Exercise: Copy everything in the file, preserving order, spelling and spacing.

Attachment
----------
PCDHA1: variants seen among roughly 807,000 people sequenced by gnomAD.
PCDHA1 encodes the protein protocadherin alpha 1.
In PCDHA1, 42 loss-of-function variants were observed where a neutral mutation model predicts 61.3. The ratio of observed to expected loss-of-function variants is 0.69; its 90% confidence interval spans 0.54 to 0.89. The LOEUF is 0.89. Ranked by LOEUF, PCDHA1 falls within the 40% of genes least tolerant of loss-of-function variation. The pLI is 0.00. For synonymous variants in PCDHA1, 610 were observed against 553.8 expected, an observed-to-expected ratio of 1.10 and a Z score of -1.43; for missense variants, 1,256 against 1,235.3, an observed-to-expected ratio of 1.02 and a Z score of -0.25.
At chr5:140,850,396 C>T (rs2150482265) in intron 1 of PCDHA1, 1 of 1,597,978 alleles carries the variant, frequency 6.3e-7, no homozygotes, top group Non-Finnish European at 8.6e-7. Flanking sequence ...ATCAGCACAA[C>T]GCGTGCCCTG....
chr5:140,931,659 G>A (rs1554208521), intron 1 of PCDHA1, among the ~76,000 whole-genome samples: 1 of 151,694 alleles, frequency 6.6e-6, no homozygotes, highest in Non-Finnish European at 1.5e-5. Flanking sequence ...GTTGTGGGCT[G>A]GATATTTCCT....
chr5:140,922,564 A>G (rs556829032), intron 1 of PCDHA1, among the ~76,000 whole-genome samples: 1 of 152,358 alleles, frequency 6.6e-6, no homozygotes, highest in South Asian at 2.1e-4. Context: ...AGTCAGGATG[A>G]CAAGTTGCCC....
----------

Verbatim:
PCDHA1: variants seen among roughly 807,000 people sequenced by gnomAD.
PCDHA1 encodes the protein protocadherin alpha 1.
In PCDHA1, 42 loss-of-function variants were observed where a neutral mutation model predicts 61.3. The ratio of observed to expected loss-of-function variants is 0.69; its 90% confidence interval spans 0.54 to 0.89. The LOEUF is 0.89. Ranked by LOEUF, PCDHA1 falls within the 40% of genes least tolerant of loss-of-function variation. The pLI is 0.00. For synonymous variants in PCDHA1, 610 were observed against 553.8 expected, an observed-to-expected ratio of 1.10 and a Z score of -1.43; for missense variants, 1,256 against 1,235.3, an observed-to-expected ratio of 1.02 and a Z score of -0.25.
At chr5:140,850,396 C>T (rs2150482265) in intron 1 of PCDHA1, 1 of 1,597,978 alleles carries the variant, frequency 6.3e-7, no homozygotes, top group Non-Finnish European at 8.6e-7. Flanking sequence ...ATCAGCACAA[C>T]GCGTGCCCTG....
chr5:140,931,659 G>A (rs1554208521), intron 1 of PCDHA1, among the ~76,000 whole-genome samples: 1 of 151,694 alleles, frequency 6.6e-6, no homozygotes, highest in Non-Finnish European at 1.5e-5. Flanking sequence ...GTTGTGGGCT[G>A]GATATTTCCT....
chr5:140,922,564 A>G (rs556829032), intron 1 of PCDHA1, among the ~76,000 whole-genome samples: 1 of 152,358 alleles, frequency 6.6e-6, no homozygotes, highest in South Asian at 2.1e-4. Context: ...AGTCAGGATG[A>G]CAAGTTGCCC....